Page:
How Alabama won Airbus: Bloomberg News has this story detailing how Alabama persuaded Airbus to located an A320 plant in Mobile, after losing the tanker competition.
ANA to conduct 787 test flights: The Japanese airline, which currently has more Boeing 787s than any other carrier, will conduct up to 200 test flights before returning the 787 to service, according to this Reuters report.
Odds and Ends: Air France v Rolls-Royce for A350; Virgin America rejigs; Last A340s sold; Heading South with SPEEA
Air France v Rollsr-Royce: The saga continues-see this Bloomberg story. We understand there is more to it than just maintenance. Rolls wants AF to order the Trent 1000 for the 787 order, too.
Virgin America: This airline, headquartered in San Francisco, has been an airline in search of a business plan. Its operations don’t have a niche and didn’t fill a void (like jetBlue created and filled at NY-JFK). It’s lost hundreds of millions of dollars. And, finally, the losses have caught up. Bloomberg has this story about aircraft order deferrals and cancellations. The deferrals are Airbus A320neos (note to Alabama: VA was going to take the first neos from the new Airbus Mobile plant in 2016).
Virgin is seeking to restructure aircraft leases, according to two industry sources. Failing to do so could lead to a Chapter 11 filing, the sources say.
Last A340s Sold: The remaining two Airbus A340-500s, originally destined for ailing Kingfisher Airlines, have been sold.
SPEEA and Boeing: Things appear to be heading south with SPEEA. This could affect Boeing’s year-end push to deliver as many as 50 787s as well as the other 7-Series.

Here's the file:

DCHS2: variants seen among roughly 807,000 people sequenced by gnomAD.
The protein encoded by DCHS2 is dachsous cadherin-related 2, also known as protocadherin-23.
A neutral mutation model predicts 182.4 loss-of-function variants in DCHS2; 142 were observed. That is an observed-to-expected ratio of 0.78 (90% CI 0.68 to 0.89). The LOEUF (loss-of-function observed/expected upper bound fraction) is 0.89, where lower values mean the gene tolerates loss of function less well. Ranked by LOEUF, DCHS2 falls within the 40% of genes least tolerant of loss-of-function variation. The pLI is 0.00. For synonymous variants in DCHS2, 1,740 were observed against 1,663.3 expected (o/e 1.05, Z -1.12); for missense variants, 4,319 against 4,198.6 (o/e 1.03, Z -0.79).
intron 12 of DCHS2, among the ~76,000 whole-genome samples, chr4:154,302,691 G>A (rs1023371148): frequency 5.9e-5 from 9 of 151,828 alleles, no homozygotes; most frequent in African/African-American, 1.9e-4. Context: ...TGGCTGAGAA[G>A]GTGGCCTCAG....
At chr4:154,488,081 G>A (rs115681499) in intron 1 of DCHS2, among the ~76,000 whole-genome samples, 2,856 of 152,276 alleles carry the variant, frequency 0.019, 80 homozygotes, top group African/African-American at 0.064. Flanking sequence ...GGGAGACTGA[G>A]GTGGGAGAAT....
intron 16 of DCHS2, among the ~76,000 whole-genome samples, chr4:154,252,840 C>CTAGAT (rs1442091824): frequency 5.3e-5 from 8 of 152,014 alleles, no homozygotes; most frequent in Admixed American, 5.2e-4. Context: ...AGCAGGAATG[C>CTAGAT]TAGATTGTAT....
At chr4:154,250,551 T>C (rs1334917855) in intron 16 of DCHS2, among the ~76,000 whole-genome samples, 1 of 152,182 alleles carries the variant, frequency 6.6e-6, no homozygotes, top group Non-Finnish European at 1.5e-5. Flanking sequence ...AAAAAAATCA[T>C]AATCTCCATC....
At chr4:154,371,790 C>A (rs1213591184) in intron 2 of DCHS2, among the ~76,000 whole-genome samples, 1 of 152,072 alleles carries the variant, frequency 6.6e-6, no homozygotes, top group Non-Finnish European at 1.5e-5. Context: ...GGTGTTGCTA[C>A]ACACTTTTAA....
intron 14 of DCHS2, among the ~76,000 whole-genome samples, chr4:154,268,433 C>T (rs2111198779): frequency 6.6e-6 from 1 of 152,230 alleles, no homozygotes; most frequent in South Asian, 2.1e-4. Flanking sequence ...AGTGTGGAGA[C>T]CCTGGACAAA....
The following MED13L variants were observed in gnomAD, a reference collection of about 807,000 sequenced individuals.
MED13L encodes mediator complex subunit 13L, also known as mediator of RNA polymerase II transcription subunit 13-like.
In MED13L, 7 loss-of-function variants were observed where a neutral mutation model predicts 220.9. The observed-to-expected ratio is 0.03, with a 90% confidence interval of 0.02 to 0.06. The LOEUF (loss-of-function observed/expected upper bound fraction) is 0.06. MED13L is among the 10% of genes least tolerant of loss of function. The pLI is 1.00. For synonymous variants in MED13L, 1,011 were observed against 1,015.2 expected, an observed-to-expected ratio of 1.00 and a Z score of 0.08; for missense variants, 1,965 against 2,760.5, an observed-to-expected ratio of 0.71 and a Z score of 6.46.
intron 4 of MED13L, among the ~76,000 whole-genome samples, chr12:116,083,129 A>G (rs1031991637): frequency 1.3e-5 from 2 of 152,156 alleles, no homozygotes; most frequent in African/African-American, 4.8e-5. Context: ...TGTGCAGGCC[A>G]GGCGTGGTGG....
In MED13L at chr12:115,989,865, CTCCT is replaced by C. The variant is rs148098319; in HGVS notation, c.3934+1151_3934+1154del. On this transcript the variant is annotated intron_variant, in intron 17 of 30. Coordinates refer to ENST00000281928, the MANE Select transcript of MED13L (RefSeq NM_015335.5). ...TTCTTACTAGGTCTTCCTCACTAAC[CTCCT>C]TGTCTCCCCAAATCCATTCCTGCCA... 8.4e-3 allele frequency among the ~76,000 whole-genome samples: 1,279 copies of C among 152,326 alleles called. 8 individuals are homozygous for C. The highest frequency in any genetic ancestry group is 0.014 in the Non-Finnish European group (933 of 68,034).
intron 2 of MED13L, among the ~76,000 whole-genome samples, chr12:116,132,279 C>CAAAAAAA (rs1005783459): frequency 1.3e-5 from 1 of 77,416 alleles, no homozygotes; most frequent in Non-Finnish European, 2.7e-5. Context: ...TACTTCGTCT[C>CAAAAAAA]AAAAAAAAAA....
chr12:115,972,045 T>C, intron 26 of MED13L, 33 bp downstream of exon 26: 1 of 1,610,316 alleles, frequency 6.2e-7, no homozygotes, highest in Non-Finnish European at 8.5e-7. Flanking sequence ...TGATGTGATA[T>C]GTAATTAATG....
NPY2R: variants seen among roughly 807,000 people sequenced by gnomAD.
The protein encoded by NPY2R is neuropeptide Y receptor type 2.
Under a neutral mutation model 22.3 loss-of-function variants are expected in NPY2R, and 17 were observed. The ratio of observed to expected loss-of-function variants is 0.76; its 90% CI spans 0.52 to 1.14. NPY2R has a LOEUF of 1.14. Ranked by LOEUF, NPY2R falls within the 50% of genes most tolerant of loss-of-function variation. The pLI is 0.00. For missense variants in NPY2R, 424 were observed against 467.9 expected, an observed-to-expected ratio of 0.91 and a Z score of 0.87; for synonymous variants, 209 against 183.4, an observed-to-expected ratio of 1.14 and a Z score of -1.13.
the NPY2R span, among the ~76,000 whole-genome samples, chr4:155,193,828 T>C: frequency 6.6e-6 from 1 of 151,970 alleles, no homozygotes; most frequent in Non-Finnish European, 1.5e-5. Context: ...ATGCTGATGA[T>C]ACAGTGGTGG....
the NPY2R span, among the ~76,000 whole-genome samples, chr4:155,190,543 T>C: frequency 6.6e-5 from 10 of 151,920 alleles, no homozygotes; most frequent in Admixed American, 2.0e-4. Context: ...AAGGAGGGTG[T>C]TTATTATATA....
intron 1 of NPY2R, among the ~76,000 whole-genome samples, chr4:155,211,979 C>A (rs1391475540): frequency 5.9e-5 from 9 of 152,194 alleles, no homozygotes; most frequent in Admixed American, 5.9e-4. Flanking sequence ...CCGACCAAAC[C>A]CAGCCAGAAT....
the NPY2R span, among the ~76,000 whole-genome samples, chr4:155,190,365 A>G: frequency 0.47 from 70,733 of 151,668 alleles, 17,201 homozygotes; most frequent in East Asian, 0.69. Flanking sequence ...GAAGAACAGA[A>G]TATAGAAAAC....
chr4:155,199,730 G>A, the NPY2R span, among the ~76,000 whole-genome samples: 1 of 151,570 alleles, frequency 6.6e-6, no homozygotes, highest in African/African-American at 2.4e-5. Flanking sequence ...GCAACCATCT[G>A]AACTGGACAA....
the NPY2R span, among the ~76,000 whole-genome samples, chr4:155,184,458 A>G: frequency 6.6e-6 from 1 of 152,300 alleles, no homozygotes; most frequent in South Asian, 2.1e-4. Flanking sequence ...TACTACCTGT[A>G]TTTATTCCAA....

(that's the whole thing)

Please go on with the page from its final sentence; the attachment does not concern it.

It’s a slow August for news, but here are two items we’ll bring to your attention:
Airbus and Mobile: This story discusses how the Airbus plant at Mobile (AL) will add to the aerospace cluster there. The comparison with Seattle, which we make, highlights a real challenge we see for Airbus and the aerospace cluster in Mobile. The supply chain here is struggling under the weight of the high demand for airplanes (not just at Boeing, but all the OEMs), both in terms of product and skilled help. As a member of the Board of Pacific Northwest Aerospace Alliance, we hear of the manpower shortage all the time and the efforts by the State and others to boost training and education to meet demand.
The shortage of skilled labor, and of engineers, is a major challenge for Boeing, and (like it or not) one reason for outsourcing. But the impact on the supply chain is equally great. The lower Tier suppliers in effect become the training ground for the upper Tier and Boeing. This means there is a continuous skill-churn that these small businesses really can’t afford.
Washington State is not the only place where this problem exists; it’s a national problem. What we hear at PNAA is story after story of foreign students (notably Chinese) coming to this country for engineering education then taking their skills home rather than emigrating here. Nationally, there is a wide imbalance between education and training and demand. The shortage of our education institutions in graduating the skills in STEM and touch labor is large. Even high schools have cut back on vocational training of all kinds.